Could security costs tip the TCO balance?

Newham Council's findings that Microsoft offered a lower total cost of ownership than open source software surprised many. Here...

Newham Council's findings that Microsoft offered a lower total cost of ownership than open source software surprised many. Here readers have their say

Newham Council's decision last month to opt for Microsoft rather than open source technology surprised many in the IT community.

The council compared open source software with Microsoft technology in one of the longest total cost of ownership trials undertaken in the public sector.

The council employed open source consultancy Netproject, which suggested a hybrid Microsoft/open source IT strategy. Microsoft, meanwhile, paid for Cap Gemini to devise a Microsoft-based alternative.

Two weeks ago Richard Steel, head of IT at Newham Council defended his choice in Computer Weekly. Here we print some readers' comments.

Always evaluate Linux for large IT projects

I read with interest your coverage of Newham Council choosing Microsoft over Linux. Putting aside the ongoing debate about the benefits or otherwise of Linux, I would simply like to observe that the key lesson from Newham is to always perform an evaluation of Linux for any planned large-scale IT project.

If the study does not show the potential long-term benefit of improved security and flexibility, it can always be used to obtain previously unheard of discounts from the Microsoft sales team.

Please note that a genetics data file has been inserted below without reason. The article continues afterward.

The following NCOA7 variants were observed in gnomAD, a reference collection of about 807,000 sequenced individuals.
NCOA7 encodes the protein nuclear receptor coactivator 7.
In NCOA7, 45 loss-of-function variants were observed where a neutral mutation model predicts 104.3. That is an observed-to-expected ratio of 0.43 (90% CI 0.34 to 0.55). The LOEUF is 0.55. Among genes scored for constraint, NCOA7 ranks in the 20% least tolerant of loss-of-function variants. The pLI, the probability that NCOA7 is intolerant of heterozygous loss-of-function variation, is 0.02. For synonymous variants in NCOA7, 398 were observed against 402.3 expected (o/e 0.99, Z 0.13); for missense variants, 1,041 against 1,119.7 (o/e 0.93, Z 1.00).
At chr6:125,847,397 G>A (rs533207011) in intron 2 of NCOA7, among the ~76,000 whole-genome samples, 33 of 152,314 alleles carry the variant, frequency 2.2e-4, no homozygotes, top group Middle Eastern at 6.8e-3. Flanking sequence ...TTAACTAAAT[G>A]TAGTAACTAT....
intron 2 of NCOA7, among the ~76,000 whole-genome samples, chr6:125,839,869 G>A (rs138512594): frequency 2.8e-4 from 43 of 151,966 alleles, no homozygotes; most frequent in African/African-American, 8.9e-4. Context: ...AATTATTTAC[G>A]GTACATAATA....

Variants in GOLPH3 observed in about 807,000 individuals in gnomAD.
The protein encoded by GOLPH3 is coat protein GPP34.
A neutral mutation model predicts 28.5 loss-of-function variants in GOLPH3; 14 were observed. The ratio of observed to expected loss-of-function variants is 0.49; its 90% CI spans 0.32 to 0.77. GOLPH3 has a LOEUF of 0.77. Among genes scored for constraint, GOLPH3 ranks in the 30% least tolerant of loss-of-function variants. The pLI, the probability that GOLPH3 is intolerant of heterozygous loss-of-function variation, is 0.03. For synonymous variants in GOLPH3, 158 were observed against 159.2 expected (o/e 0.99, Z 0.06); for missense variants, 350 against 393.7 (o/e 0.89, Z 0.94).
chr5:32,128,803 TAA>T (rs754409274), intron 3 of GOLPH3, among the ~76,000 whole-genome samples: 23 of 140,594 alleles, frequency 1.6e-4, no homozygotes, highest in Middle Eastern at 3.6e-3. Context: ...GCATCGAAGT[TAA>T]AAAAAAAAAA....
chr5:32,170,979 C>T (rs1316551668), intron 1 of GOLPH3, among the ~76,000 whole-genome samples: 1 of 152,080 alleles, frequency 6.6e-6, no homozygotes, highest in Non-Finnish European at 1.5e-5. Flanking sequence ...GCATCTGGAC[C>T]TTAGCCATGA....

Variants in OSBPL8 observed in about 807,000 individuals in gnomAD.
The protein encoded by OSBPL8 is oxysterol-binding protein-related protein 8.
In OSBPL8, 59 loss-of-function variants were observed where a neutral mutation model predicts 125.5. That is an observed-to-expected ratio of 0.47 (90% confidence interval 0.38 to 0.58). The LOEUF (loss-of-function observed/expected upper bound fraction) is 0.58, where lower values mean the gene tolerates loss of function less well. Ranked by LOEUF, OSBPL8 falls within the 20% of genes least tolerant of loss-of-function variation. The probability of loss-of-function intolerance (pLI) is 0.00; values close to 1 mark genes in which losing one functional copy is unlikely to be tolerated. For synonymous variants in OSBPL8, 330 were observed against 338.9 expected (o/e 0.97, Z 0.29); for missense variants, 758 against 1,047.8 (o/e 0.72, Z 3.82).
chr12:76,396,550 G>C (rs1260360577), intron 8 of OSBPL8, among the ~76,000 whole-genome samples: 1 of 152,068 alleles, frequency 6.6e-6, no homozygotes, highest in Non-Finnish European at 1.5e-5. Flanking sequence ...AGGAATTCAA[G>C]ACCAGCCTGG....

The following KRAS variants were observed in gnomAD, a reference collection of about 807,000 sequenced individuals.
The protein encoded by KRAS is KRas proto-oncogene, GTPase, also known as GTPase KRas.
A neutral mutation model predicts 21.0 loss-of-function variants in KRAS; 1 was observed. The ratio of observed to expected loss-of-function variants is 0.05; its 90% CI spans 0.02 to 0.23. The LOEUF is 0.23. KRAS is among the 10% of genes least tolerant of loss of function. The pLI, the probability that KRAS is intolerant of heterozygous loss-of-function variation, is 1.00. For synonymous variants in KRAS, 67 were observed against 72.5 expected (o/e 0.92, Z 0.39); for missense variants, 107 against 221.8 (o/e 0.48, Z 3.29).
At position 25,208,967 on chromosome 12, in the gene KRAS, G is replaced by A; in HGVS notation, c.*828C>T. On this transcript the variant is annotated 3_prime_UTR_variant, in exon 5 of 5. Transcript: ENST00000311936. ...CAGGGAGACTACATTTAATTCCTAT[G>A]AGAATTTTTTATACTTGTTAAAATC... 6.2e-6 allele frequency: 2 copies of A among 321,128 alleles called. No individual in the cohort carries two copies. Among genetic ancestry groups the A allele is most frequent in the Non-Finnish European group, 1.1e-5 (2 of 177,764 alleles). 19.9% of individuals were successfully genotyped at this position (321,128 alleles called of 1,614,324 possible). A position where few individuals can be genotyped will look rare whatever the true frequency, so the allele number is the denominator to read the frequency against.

Whichever way you read these events, Linux clearly does help to significantly cut costs.

Peter Houppermans , PA Consulting Group

Was cost of security and support considered?

How is it that a conclusion could be reached that Microsoft's solution could have lower cost of ownership? I ask because with Microsoft's licensing model, and the share it takes of the cost of any subsequent new PCs being purchased, payment is surely made to the company on a virtually indefinite basis.

With Linux on the other hand, although it may be true that retraining and deployment costs are an issue, these costs are paid for on an initial one-off basis.

The other question I must ask is, was the lost time and support costs required in cleaning up after attacks/invasions by Windows-based worms and viruses considered as part of the TCO equation for Newham? Microsoft has acknowledged that security is a problem for its products.

Ron Johnson

Breaking Microsoft's grip would be worth it

I have to wonder about the statement from Ovum: "It is not true that Linux will always give significant total cost of ownership savings." (Computer Weekly, 31 August).

Why not? It depends on how you set up the review, and how much weight is given to the security problems that beset Microsoft software. Another factor that does not get the attention it deserves is the constant upgrading that Microsoft expects its customers to put up with, and the attendant new hardware required.

Even if a move to Linux had cost more than the Microsoft solution at this time, the breaking of Microsoft's grip on the council's data would have made it worth it in the long run.

Ken Maris

Where is the logic in signing a 10-year deal?

I completely failed to understand the logic of signing up with Microsoft for 10 years. No one can predict what will happen in three years in this industry. This is a complete waste of taxpayers' money. The council is paying lip service to open source, which is a far superior product, and not subject to the security concerns that Microsoft products present.

Paul Price

TCO studies leave out the effect of malware

I have never seen a TCO study that took into account malware. Malware (viruses/worms/ Trojans/spyware) eats up most of my IT time when Microsoft Windows is involved. My Mac and/or Linux shops do not have this problem, yet all the commissioned studies seem to leave out viruses.

Alex Chejlyk, SwiftNet Computer Systems

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